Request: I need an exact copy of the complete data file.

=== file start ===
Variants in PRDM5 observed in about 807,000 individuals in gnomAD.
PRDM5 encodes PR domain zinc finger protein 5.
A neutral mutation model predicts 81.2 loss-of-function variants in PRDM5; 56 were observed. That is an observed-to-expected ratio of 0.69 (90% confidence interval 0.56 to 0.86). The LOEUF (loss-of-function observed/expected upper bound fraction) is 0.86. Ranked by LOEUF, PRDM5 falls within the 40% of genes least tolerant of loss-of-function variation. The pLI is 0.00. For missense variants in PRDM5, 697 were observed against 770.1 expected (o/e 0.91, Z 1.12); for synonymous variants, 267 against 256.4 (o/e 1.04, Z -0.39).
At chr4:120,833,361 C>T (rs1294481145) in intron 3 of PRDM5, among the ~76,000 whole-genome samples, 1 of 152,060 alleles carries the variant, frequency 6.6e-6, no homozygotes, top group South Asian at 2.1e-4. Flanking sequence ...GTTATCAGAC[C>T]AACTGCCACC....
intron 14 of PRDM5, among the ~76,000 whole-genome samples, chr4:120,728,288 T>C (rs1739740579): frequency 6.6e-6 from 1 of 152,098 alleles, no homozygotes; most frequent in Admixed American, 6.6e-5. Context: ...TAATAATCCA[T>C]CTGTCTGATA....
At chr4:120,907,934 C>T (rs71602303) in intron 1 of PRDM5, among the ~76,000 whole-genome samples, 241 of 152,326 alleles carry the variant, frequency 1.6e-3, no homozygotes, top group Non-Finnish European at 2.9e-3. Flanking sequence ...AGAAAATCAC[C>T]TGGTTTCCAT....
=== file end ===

Variants in PRDM5 observed in about 807,000 individuals in gnomAD.
PRDM5 encodes PR domain zinc finger protein 5.
A neutral mutation model predicts 81.2 loss-of-function variants in PRDM5; 56 were observed. That is an observed-to-expected ratio of 0.69 (90% confidence interval 0.56 to 0.86). The LOEUF (loss-of-function observed/expected upper bound fraction) is 0.86. Ranked by LOEUF, PRDM5 falls within the 40% of genes least tolerant of loss-of-function variation. The pLI is 0.00. For missense variants in PRDM5, 697 were observed against 770.1 expected (o/e 0.91, Z 1.12); for synonymous variants, 267 against 256.4 (o/e 1.04, Z -0.39).
At chr4:120,833,361 C>T (rs1294481145) in intron 3 of PRDM5, among the ~76,000 whole-genome samples, 1 of 152,060 alleles carries the variant, frequency 6.6e-6, no homozygotes, top group South Asian at 2.1e-4. Flanking sequence ...GTTATCAGAC[C>T]AACTGCCACC....
intron 14 of PRDM5, among the ~76,000 whole-genome samples, chr4:120,728,288 T>C (rs1739740579): frequency 6.6e-6 from 1 of 152,098 alleles, no homozygotes; most frequent in Admixed American, 6.6e-5. Context: ...TAATAATCCA[T>C]CTGTCTGATA....
At chr4:120,907,934 C>T (rs71602303) in intron 1 of PRDM5, among the ~76,000 whole-genome samples, 241 of 152,326 alleles carry the variant, frequency 1.6e-3, no homozygotes, top group Non-Finnish European at 2.9e-3. Flanking sequence ...AGAAAATCAC[C>T]TGGTTTCCAT....